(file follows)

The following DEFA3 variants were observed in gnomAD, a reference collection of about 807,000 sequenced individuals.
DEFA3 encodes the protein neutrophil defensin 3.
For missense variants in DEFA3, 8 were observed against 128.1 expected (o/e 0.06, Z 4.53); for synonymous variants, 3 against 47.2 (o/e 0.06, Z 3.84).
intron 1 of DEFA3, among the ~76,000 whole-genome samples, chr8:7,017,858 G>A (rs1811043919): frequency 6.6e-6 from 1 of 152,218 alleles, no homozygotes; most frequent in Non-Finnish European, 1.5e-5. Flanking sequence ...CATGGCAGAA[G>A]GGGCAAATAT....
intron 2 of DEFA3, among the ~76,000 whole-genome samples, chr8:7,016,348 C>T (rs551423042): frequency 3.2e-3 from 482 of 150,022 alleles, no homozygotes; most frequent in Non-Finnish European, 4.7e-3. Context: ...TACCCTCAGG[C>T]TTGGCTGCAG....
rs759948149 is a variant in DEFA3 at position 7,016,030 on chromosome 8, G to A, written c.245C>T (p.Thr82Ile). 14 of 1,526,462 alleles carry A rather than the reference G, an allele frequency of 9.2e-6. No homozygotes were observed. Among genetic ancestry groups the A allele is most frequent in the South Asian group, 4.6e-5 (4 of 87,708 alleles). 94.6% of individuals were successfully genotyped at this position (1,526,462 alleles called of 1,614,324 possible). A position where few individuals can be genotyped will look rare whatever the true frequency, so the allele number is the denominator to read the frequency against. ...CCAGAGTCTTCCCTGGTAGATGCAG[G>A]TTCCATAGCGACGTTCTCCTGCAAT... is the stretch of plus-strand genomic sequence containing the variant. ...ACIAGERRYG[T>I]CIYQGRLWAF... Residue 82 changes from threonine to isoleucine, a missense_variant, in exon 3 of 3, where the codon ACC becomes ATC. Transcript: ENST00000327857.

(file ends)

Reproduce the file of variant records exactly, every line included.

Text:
The following DEFA3 variants were observed in gnomAD, a reference collection of about 807,000 sequenced individuals.
DEFA3 encodes the protein neutrophil defensin 3.
For missense variants in DEFA3, 8 were observed against 128.1 expected (o/e 0.06, Z 4.53); for synonymous variants, 3 against 47.2 (o/e 0.06, Z 3.84).
intron 1 of DEFA3, among the ~76,000 whole-genome samples, chr8:7,017,858 G>A (rs1811043919): frequency 6.6e-6 from 1 of 152,218 alleles, no homozygotes; most frequent in Non-Finnish European, 1.5e-5. Flanking sequence ...CATGGCAGAA[G>A]GGGCAAATAT....
intron 2 of DEFA3, among the ~76,000 whole-genome samples, chr8:7,016,348 C>T (rs551423042): frequency 3.2e-3 from 482 of 150,022 alleles, no homozygotes; most frequent in Non-Finnish European, 4.7e-3. Context: ...TACCCTCAGG[C>T]TTGGCTGCAG....
rs759948149 is a variant in DEFA3 at position 7,016,030 on chromosome 8, G to A, written c.245C>T (p.Thr82Ile). 14 of 1,526,462 alleles carry A rather than the reference G, an allele frequency of 9.2e-6. No homozygotes were observed. Among genetic ancestry groups the A allele is most frequent in the South Asian group, 4.6e-5 (4 of 87,708 alleles). 94.6% of individuals were successfully genotyped at this position (1,526,462 alleles called of 1,614,324 possible). A position where few individuals can be genotyped will look rare whatever the true frequency, so the allele number is the denominator to read the frequency against. ...CCAGAGTCTTCCCTGGTAGATGCAG[G>A]TTCCATAGCGACGTTCTCCTGCAAT... is the stretch of plus-strand genomic sequence containing the variant. ...ACIAGERRYG[T>I]CIYQGRLWAF... Residue 82 changes from threonine to isoleucine, a missense_variant, in exon 3 of 3, where the codon ACC becomes ATC. Transcript: ENST00000327857.